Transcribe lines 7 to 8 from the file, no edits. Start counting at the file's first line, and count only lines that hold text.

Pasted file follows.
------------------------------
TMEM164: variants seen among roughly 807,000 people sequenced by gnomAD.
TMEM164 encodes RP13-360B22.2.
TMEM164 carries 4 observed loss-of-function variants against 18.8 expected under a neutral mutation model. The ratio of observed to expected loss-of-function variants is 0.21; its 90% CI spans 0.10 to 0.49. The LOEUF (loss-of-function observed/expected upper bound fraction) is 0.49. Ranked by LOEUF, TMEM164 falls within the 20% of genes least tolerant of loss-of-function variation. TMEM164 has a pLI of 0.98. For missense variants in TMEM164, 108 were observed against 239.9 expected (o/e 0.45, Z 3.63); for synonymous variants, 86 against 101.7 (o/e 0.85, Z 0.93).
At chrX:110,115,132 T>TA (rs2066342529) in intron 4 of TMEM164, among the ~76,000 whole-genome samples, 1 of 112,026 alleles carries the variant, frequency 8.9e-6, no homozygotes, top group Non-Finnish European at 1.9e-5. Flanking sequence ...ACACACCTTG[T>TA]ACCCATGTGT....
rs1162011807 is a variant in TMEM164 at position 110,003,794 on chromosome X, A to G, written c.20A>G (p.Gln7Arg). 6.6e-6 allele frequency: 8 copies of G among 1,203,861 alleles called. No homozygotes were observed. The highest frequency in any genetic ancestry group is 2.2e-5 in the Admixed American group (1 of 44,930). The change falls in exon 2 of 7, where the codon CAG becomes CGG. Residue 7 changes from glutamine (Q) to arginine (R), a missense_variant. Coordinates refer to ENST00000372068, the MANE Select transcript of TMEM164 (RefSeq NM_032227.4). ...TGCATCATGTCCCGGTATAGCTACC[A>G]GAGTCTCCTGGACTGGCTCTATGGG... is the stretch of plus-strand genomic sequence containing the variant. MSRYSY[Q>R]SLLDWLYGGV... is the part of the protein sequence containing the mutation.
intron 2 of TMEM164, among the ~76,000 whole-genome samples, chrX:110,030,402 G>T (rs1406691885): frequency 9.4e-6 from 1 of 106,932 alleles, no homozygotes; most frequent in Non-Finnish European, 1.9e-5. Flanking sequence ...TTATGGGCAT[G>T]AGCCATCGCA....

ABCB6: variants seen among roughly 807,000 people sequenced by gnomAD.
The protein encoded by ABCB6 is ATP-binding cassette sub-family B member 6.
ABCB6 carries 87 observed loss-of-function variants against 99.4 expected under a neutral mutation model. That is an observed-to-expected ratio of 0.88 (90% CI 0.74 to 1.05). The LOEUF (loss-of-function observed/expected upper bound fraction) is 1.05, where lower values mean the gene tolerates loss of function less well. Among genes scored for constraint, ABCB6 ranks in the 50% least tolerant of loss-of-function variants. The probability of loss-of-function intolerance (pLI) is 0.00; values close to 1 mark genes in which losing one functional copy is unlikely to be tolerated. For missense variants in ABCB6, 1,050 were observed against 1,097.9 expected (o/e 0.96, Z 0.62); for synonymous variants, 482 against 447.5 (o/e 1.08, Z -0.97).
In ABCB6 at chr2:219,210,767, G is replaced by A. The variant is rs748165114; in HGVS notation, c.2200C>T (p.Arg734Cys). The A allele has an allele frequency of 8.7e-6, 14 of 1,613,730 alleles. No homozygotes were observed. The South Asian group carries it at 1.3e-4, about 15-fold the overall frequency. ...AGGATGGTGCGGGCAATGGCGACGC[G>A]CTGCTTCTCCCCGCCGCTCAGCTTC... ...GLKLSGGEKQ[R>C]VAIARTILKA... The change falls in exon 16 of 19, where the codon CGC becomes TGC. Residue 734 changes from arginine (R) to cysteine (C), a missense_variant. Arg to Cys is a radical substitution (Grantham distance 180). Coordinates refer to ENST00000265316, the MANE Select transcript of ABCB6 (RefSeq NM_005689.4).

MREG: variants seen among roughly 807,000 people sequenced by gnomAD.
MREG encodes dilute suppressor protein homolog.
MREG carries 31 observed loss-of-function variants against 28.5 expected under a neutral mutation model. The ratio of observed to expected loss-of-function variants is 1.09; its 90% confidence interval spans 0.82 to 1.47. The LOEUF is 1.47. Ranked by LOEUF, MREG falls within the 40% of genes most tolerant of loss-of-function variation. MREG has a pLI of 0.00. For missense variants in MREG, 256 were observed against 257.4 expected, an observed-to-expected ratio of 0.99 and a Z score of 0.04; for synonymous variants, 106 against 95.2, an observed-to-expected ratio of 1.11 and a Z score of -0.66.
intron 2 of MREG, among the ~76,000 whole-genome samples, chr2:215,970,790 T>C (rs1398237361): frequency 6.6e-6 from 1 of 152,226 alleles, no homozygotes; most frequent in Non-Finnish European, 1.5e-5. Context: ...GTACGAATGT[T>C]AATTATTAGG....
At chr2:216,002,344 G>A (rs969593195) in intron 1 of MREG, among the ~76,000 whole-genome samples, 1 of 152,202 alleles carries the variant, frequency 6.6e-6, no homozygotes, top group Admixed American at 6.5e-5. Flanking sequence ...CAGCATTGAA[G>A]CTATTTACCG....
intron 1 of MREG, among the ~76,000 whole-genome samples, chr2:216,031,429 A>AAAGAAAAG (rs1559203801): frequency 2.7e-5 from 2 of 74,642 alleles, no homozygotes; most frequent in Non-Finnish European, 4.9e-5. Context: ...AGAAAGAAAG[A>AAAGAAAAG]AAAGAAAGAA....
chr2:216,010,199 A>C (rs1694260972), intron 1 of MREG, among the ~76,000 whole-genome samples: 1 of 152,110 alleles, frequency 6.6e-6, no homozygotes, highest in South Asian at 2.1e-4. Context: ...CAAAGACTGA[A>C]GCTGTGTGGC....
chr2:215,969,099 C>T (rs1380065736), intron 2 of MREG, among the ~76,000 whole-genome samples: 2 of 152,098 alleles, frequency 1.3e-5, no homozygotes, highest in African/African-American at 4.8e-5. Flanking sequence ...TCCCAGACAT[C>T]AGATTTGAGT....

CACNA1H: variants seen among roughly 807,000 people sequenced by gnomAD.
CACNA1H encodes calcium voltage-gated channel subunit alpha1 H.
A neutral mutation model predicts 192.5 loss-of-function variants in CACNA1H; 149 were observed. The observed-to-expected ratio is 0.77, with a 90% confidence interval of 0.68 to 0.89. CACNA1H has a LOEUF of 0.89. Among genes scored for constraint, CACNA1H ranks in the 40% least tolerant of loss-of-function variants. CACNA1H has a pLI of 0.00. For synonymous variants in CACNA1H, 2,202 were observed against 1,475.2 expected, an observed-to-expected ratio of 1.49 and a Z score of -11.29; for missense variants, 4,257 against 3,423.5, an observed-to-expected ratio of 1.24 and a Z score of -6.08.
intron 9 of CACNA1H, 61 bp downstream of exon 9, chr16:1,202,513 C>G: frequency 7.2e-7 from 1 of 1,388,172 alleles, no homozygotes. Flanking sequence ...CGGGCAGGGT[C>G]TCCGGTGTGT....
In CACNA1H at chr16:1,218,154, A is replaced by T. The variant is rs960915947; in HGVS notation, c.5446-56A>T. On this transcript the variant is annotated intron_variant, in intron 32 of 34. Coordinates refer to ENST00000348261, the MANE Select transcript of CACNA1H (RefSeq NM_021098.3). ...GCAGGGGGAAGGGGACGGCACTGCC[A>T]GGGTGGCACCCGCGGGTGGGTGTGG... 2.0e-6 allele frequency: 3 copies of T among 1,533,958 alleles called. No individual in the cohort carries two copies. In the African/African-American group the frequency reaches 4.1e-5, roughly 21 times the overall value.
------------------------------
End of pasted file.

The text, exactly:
ABCB6: variants seen among roughly 807,000 people sequenced by gnomAD.
The protein encoded by ABCB6 is ATP-binding cassette sub-family B member 6.